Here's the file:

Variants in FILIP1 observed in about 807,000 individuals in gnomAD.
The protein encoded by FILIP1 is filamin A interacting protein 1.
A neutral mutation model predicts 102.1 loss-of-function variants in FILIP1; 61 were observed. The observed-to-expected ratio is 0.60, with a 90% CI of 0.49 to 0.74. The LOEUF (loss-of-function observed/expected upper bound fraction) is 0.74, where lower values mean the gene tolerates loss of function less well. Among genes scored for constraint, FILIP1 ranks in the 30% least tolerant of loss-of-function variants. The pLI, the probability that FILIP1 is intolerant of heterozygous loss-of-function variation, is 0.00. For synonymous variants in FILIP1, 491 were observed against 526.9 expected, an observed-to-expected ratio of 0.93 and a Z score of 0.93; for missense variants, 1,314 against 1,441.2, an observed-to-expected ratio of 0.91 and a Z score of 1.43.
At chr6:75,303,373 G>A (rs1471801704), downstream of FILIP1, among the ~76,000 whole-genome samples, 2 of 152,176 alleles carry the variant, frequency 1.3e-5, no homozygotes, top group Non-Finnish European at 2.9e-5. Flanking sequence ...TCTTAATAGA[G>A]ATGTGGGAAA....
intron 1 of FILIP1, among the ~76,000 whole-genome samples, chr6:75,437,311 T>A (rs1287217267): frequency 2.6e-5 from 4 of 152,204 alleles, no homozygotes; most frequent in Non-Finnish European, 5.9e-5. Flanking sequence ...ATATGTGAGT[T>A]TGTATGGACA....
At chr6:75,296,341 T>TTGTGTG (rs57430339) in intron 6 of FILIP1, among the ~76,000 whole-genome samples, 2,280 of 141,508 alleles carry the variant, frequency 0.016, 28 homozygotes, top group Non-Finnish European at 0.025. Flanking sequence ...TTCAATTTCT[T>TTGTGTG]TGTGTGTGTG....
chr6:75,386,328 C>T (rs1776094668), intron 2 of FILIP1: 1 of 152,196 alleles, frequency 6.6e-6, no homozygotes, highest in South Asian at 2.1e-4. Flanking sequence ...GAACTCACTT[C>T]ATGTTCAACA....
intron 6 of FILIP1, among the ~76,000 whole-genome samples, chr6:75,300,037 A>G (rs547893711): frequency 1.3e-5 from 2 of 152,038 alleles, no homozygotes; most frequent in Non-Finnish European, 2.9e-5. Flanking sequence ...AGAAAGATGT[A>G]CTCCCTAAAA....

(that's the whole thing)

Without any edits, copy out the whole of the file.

Variants in FILIP1 observed in about 807,000 individuals in gnomAD.
The protein encoded by FILIP1 is filamin A interacting protein 1.
A neutral mutation model predicts 102.1 loss-of-function variants in FILIP1; 61 were observed. The observed-to-expected ratio is 0.60, with a 90% CI of 0.49 to 0.74. The LOEUF (loss-of-function observed/expected upper bound fraction) is 0.74, where lower values mean the gene tolerates loss of function less well. Among genes scored for constraint, FILIP1 ranks in the 30% least tolerant of loss-of-function variants. The pLI, the probability that FILIP1 is intolerant of heterozygous loss-of-function variation, is 0.00. For synonymous variants in FILIP1, 491 were observed against 526.9 expected, an observed-to-expected ratio of 0.93 and a Z score of 0.93; for missense variants, 1,314 against 1,441.2, an observed-to-expected ratio of 0.91 and a Z score of 1.43.
At chr6:75,303,373 G>A (rs1471801704), downstream of FILIP1, among the ~76,000 whole-genome samples, 2 of 152,176 alleles carry the variant, frequency 1.3e-5, no homozygotes, top group Non-Finnish European at 2.9e-5. Flanking sequence ...TCTTAATAGA[G>A]ATGTGGGAAA....
intron 1 of FILIP1, among the ~76,000 whole-genome samples, chr6:75,437,311 T>A (rs1287217267): frequency 2.6e-5 from 4 of 152,204 alleles, no homozygotes; most frequent in Non-Finnish European, 5.9e-5. Flanking sequence ...ATATGTGAGT[T>A]TGTATGGACA....
At chr6:75,296,341 T>TTGTGTG (rs57430339) in intron 6 of FILIP1, among the ~76,000 whole-genome samples, 2,280 of 141,508 alleles carry the variant, frequency 0.016, 28 homozygotes, top group Non-Finnish European at 0.025. Flanking sequence ...TTCAATTTCT[T>TTGTGTG]TGTGTGTGTG....
chr6:75,386,328 C>T (rs1776094668), intron 2 of FILIP1: 1 of 152,196 alleles, frequency 6.6e-6, no homozygotes, highest in South Asian at 2.1e-4. Flanking sequence ...GAACTCACTT[C>T]ATGTTCAACA....
intron 6 of FILIP1, among the ~76,000 whole-genome samples, chr6:75,300,037 A>G (rs547893711): frequency 1.3e-5 from 2 of 152,038 alleles, no homozygotes; most frequent in Non-Finnish European, 2.9e-5. Flanking sequence ...AGAAAGATGT[A>G]CTCCCTAAAA....